Focus: Vision Channel Featured Story 2

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Newswise: Cell Therapy That Repairs Cornea Damage with Patient’s Own Stem Cells Achieves Positive Phase I Trial Results
Released: 18-Aug-2023 2:10 PM EDT
Cell Therapy That Repairs Cornea Damage with Patient’s Own Stem Cells Achieves Positive Phase I Trial Results
Massachusetts Eye and Ear

Cultivated autologous limbal epithelial cells (CALEC) transplant, in which stem cells from the healthy eye and transplanted into the injured eye, for significant cornea injuries was found safe and led to gains in preliminary phase I clinical trial.

Newswise: “Eggsplosions” and eyes don’t mix
Released: 31-Jul-2023 5:00 PM EDT
“Eggsplosions” and eyes don’t mix
Michigan Medicine - University of Michigan

Microwaving hard-boiled eggs is one of the latest TikTok trends that can harm your eyes

Newswise: Breaking Into Tears with Microrheology to Design Custom Eye Drops
6-Jul-2023 4:05 PM EDT
Breaking Into Tears with Microrheology to Design Custom Eye Drops
American Institute of Physics (AIP)

In Physics of Fluids, Vega et al. researched human tears at the micron level to reveal new ways of customizing artificial tears to address individual symptoms of dry eye disease. The detailed insights they gained about the composition and behavior of tears could also apply to the study of ocular pathogens as well as other biological fluids. The authors collected healthy human tears and tested 10 different formulations of artificial tears and applied microrheology methods using dynamic light scattering.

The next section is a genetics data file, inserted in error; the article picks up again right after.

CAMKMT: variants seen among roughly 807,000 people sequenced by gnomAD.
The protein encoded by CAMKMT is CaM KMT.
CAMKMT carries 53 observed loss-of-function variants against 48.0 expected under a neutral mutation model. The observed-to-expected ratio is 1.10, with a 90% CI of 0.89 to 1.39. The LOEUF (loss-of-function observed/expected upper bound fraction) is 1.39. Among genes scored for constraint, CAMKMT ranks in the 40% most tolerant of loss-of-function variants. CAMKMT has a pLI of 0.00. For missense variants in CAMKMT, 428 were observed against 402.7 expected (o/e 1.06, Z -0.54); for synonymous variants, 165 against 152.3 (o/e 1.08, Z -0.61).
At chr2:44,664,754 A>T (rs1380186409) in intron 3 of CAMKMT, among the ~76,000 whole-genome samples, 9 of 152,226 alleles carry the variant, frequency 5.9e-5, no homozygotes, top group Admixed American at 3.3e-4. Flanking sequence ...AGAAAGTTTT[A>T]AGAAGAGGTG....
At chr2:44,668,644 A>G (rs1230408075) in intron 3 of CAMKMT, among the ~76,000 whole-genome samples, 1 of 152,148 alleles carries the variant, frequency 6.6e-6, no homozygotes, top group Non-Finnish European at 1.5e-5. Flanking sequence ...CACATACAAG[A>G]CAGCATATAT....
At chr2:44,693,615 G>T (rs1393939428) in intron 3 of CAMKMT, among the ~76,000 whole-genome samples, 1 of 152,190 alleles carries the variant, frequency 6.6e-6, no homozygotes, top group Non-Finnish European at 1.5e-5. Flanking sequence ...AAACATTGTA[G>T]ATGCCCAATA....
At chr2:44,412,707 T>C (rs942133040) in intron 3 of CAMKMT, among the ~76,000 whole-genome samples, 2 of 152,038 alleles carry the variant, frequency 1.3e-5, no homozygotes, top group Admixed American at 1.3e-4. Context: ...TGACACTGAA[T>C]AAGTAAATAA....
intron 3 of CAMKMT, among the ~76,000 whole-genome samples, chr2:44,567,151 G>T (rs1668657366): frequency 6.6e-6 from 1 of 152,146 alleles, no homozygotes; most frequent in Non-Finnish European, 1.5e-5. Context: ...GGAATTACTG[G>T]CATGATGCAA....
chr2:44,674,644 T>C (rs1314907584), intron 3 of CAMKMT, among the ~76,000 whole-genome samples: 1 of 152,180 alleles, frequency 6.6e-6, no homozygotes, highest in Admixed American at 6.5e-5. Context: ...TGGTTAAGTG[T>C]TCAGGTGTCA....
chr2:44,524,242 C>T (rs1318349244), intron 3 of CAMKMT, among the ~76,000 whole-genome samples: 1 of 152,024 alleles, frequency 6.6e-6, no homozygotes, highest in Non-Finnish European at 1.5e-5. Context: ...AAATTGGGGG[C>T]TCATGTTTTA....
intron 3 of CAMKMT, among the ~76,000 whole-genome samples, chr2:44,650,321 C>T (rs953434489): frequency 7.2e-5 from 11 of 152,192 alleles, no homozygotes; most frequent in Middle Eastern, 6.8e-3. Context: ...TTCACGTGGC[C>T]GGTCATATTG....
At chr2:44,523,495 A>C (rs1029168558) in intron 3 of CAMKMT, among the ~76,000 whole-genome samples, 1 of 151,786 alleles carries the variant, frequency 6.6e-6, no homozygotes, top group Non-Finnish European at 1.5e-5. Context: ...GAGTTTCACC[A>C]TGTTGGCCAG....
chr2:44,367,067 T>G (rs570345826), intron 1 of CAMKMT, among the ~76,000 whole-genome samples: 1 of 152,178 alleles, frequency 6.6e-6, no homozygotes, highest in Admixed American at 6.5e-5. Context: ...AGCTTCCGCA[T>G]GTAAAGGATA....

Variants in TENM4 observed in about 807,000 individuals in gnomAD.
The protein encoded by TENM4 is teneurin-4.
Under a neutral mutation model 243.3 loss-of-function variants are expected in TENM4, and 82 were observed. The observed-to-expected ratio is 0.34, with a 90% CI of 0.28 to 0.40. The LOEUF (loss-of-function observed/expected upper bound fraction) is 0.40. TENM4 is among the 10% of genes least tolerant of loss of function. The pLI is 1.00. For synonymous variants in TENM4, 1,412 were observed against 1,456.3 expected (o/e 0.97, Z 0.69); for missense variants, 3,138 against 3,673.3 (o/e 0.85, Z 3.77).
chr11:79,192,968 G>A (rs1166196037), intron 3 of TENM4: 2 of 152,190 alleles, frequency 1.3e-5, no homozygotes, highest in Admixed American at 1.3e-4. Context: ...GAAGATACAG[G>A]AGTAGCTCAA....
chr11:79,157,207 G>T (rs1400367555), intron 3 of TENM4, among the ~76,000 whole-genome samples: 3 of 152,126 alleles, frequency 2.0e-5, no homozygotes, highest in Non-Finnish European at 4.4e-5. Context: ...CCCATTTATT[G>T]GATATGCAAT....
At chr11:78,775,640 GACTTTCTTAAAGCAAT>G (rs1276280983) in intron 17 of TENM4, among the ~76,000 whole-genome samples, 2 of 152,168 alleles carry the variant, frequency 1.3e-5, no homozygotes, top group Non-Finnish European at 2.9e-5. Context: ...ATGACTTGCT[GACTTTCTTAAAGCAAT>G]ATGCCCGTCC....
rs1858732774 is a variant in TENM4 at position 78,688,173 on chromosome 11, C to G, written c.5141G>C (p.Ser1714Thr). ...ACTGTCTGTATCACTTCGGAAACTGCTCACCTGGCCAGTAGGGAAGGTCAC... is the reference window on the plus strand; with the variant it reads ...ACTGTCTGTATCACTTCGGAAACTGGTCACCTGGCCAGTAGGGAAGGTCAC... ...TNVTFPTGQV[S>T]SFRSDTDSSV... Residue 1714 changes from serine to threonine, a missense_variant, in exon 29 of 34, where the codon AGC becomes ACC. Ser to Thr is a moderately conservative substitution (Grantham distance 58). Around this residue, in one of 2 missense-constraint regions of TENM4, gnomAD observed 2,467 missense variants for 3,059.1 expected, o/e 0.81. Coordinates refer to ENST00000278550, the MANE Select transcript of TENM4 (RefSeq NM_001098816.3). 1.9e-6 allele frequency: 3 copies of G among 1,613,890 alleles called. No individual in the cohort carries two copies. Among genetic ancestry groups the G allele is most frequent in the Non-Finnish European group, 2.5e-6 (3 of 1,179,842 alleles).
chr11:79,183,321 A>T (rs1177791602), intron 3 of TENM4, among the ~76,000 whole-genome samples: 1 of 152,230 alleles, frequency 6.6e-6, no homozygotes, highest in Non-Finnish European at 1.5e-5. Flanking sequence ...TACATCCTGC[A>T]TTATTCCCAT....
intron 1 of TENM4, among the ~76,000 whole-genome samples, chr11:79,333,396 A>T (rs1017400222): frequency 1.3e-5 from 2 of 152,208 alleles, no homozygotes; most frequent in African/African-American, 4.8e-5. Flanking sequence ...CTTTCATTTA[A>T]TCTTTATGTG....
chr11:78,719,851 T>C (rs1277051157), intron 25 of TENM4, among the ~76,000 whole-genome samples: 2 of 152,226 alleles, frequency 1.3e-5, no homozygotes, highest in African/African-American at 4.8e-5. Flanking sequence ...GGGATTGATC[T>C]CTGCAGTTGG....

Newswise: Experimental Drug Inhibits or Prevents Diabetic Eye Disease in Wilmer Eye Institute Study
Released: 25-May-2023 2:00 PM EDT
Experimental Drug Inhibits or Prevents Diabetic Eye Disease in Wilmer Eye Institute Study
Johns Hopkins Medicine

Researchers at Wilmer Eye Institute, Johns Hopkins Medicine say they have evidence that an experimental drug may prevent or slow vision loss in people with diabetes. The results are from a study that used mouse as well as human retinal organoids and eye cell lines.

Newswise: New Insights: Eye Damage in Alzheimer’s Disease Patients